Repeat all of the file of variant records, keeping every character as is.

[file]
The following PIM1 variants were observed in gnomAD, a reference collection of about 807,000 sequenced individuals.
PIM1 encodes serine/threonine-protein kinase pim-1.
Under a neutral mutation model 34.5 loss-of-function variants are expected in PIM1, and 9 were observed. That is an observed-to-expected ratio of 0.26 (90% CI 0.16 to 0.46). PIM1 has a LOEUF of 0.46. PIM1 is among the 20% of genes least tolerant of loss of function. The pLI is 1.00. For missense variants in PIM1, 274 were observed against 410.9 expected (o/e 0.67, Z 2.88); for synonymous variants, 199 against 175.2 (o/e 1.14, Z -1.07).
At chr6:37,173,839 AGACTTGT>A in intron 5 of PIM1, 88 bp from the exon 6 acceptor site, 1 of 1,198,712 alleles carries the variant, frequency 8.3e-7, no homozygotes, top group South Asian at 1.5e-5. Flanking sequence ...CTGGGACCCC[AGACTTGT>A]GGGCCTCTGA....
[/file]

The following PIM1 variants were observed in gnomAD, a reference collection of about 807,000 sequenced individuals.
PIM1 encodes serine/threonine-protein kinase pim-1.
Under a neutral mutation model 34.5 loss-of-function variants are expected in PIM1, and 9 were observed. That is an observed-to-expected ratio of 0.26 (90% CI 0.16 to 0.46). PIM1 has a LOEUF of 0.46. PIM1 is among the 20% of genes least tolerant of loss of function. The pLI is 1.00. For missense variants in PIM1, 274 were observed against 410.9 expected (o/e 0.67, Z 2.88); for synonymous variants, 199 against 175.2 (o/e 1.14, Z -1.07).
At chr6:37,173,839 AGACTTGT>A in intron 5 of PIM1, 88 bp from the exon 6 acceptor site, 1 of 1,198,712 alleles carries the variant, frequency 8.3e-7, no homozygotes, top group South Asian at 1.5e-5. Flanking sequence ...CTGGGACCCC[AGACTTGT>A]GGGCCTCTGA....